It's normal for all CPUs or sockets to have some pins that are longer than others. This is to ensure that pins come into contact with the contact pads in a particular order, so that ground is always connected before any of the supply voltages. These pins may appear to be bent
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October 27, 2012 4:03:53 AM

True, but these were different, I mean, going along the line, they were straight.. and then two towards to end weren't, I contacted the retailer, just got to wait I suppose.
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a c 168 V Motherboard
October 27, 2012 4:20:05 AM

15outland said:
True, but these were different, I mean, going along the line, they were straight.. and then two towards to end weren't, I contacted the retailer, just got to wait I suppose.


If they're clearly bent then they're clearly bent, no arguing with that
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October 27, 2012 4:22:13 AM

Yeah, sadly, thing Is I don't understand how, I'm always careful :( 
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a b V Motherboard
October 27, 2012 5:52:10 AM

It should not matter if pins are slightly bent. As long as they insert effortlessly (should require nothing more than the CPU's own weight) in the ZIF socket, they should be straight enough to make contact in the ZIF socket once you lower the locking lever.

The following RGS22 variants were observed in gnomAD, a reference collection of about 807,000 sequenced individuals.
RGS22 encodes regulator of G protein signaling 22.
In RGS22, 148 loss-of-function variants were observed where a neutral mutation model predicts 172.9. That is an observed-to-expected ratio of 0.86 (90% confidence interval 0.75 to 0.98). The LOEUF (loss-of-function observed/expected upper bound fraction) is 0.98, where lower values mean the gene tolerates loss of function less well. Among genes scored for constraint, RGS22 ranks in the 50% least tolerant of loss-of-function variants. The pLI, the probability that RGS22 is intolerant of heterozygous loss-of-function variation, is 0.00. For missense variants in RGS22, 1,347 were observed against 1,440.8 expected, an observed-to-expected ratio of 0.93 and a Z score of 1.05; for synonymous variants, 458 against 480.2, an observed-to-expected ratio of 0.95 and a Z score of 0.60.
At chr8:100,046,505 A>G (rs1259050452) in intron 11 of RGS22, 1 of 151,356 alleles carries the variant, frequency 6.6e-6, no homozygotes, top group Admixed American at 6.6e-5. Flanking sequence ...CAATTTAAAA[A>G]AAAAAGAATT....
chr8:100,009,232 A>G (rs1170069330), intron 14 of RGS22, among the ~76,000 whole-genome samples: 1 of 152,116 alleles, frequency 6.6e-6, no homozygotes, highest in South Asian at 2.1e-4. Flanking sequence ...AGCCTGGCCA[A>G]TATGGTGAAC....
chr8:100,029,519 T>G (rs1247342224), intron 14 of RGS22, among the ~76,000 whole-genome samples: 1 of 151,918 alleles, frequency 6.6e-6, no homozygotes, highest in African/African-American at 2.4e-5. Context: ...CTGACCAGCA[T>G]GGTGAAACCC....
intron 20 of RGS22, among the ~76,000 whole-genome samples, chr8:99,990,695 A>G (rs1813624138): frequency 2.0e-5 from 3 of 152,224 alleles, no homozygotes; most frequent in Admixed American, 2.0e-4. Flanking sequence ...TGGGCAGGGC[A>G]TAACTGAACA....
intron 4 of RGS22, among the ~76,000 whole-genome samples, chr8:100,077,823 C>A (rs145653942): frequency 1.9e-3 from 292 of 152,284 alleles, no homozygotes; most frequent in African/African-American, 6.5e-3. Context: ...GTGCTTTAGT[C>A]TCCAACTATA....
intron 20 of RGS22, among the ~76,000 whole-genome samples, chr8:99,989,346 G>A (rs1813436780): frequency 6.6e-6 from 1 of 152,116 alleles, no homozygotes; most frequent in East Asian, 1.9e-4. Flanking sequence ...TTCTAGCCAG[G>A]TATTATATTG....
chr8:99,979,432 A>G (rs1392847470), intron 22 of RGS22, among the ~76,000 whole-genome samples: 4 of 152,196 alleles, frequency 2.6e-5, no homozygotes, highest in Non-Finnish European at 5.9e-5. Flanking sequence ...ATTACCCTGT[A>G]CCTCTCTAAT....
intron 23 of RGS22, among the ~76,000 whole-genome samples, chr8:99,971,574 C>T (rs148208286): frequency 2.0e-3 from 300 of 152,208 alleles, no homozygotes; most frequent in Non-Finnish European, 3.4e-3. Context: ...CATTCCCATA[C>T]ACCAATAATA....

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October 27, 2012 6:55:17 AM

Best answer selected by 15outland.
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a b V Motherboard
October 27, 2012 7:27:09 AM

InvalidError said:
It should not matter if pins are slightly bent. As long as they insert effortlessly (should require nothing more than the CPU's own weight) in the ZIF socket, they should be straight enough to make contact in the ZIF socket once you lower the locking lever.


Intel does not use ZIF sockets, they use LGA.There's nothing to prevent the chip going in if a pin is bent like there is on a ZIF, not will the socket straighten out the pin if it's "close enough". It's very possible to have bent pins that will cause the system to not work and the CPU still insert fine.